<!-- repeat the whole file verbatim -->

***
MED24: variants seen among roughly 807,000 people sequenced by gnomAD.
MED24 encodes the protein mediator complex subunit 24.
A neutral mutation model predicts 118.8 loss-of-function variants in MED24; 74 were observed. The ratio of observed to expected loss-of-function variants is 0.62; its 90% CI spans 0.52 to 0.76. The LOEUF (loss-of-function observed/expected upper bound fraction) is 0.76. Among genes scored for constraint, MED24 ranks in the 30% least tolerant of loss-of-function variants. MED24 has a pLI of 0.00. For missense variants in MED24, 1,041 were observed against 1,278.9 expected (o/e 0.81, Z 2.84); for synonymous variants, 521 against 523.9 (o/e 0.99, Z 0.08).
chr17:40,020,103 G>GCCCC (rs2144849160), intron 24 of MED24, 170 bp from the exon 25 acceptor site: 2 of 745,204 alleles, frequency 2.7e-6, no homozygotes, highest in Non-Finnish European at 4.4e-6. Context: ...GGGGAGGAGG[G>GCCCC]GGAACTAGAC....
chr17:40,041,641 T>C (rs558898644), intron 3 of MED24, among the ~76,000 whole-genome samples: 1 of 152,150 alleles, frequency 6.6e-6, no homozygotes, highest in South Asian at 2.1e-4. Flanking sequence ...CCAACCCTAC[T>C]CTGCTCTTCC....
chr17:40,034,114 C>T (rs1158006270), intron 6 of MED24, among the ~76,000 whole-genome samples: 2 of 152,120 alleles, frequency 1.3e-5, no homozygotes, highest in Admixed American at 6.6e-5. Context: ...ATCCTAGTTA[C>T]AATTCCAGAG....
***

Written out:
MED24: variants seen among roughly 807,000 people sequenced by gnomAD.
MED24 encodes the protein mediator complex subunit 24.
A neutral mutation model predicts 118.8 loss-of-function variants in MED24; 74 were observed. The ratio of observed to expected loss-of-function variants is 0.62; its 90% CI spans 0.52 to 0.76. The LOEUF (loss-of-function observed/expected upper bound fraction) is 0.76. Among genes scored for constraint, MED24 ranks in the 30% least tolerant of loss-of-function variants. MED24 has a pLI of 0.00. For missense variants in MED24, 1,041 were observed against 1,278.9 expected (o/e 0.81, Z 2.84); for synonymous variants, 521 against 523.9 (o/e 0.99, Z 0.08).
chr17:40,020,103 G>GCCCC (rs2144849160), intron 24 of MED24, 170 bp from the exon 25 acceptor site: 2 of 745,204 alleles, frequency 2.7e-6, no homozygotes, highest in Non-Finnish European at 4.4e-6. Context: ...GGGGAGGAGG[G>GCCCC]GGAACTAGAC....
chr17:40,041,641 T>C (rs558898644), intron 3 of MED24, among the ~76,000 whole-genome samples: 1 of 152,150 alleles, frequency 6.6e-6, no homozygotes, highest in South Asian at 2.1e-4. Flanking sequence ...CCAACCCTAC[T>C]CTGCTCTTCC....
chr17:40,034,114 C>T (rs1158006270), intron 6 of MED24, among the ~76,000 whole-genome samples: 2 of 152,120 alleles, frequency 1.3e-5, no homozygotes, highest in Admixed American at 6.6e-5. Context: ...ATCCTAGTTA[C>T]AATTCCAGAG....